Morgan Stanley, Santander €700m loan sale collapses

Morgan Stanley ‘couldn’t agree a price’ with Santander over a €700m property portfolio in Spain, as sources play down the country’s economic woes as a reason for the deal collapsing.

Morgan Stanley and Santander couldn’t agree a price over a €700 million Spanish loan portfolio put up for sale earlier this year.

Spanish bank Santander had entered into talks with Morgan Stanley in February over selling 1,000-plus mainly residential loans and assets, but talks terminated a few weeks ago.

It is understood that talks faltered not because of Spain’s economic woes as has been reported, but because the two parties were unable to agree a deal, sources said.

The deal collapse is just one of a number in which private equity real estate firms have been unable to see eye-to-eye with vendors over property loan sales in Europe.

Indeed, as PERE reported on Tuesday, investors have grown critical of the way some banks and financial institutions are handling the sale of portfolios.

Having polled more than 50 clients with €150 billion of funds under management, the US loan sale advisor DebtX said in a white paper on the subject, that investors participating in an auction or other sale structures were often critical of sellers, saying the institutions concerned entered the process with “unrealistic expectations”.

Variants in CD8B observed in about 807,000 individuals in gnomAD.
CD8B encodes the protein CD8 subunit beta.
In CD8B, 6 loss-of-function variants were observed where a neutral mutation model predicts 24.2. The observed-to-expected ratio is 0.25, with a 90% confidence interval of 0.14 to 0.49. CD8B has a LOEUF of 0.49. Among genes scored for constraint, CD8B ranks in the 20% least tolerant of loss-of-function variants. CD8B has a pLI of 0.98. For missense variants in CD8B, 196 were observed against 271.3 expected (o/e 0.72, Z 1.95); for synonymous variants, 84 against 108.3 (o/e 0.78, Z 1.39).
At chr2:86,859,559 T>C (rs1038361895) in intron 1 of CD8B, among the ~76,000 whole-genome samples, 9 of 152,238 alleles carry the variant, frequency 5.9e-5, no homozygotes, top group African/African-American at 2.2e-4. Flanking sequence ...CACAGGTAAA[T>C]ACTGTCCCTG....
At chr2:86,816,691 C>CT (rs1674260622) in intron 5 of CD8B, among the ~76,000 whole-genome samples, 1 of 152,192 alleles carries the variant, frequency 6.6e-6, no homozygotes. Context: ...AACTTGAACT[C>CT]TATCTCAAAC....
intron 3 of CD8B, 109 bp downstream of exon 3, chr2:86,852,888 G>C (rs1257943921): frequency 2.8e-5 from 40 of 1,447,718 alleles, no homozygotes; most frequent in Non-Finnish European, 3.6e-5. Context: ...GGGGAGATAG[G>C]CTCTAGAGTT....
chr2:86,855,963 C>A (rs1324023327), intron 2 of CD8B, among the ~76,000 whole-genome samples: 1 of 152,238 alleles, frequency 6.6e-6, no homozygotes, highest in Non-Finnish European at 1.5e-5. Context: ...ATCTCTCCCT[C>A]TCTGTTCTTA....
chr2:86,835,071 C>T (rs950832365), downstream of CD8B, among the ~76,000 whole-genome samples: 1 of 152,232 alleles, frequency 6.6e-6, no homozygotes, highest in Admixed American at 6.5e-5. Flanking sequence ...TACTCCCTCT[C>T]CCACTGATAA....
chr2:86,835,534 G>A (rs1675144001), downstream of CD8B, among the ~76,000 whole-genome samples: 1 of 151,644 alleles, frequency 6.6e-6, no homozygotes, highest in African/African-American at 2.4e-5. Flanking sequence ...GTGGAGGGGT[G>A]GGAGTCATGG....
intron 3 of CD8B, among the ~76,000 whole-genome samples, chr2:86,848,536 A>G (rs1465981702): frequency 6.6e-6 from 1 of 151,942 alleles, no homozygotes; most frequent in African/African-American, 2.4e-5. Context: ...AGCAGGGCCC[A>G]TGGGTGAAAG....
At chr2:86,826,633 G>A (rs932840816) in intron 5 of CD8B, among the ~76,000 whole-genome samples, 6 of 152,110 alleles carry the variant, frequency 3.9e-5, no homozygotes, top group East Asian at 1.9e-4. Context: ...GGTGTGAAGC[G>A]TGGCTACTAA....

In interviews, investors frequently cited examples of banks not selling at the end of lengthy and expensive due diligence processes even when often multiple bids were received. “From the investors’ perspective, if an auction validates a market price, it is unacceptable that the seller does not execute the sale,” said DebtX.

In the case of Santander, the portfolio reportedly began life as a pool of loans with a face value of €3 billion and carrying a discount of more than 60 percent. However, the size of the portfolio reduced to around €700 million as talks focussed on a smaller portfolio with Morgan Stanley.

Mismatched price expectations and also the level of discounts that a bank can take without significantly hurting the balance sheet seem to be a feature of European loans sales at the moment.

In a recent interview with PERE, Rory Cullinan, chief executive of the Non-Core Division at Royal Bank of Scotland said of Europe’s banks in general: “Deleveraging is a bit of a myth. The problem is whether you are forced to sell loans at a discount, but there is a reasonable chance you are going to destroy capital, so you get into a death spiral.”

He said: “It has been clearly signposted that there is going to be a large volume of loans coming to the market, but so far that just hasn’t happened and I don’t see it happening going forward in any significant scale.”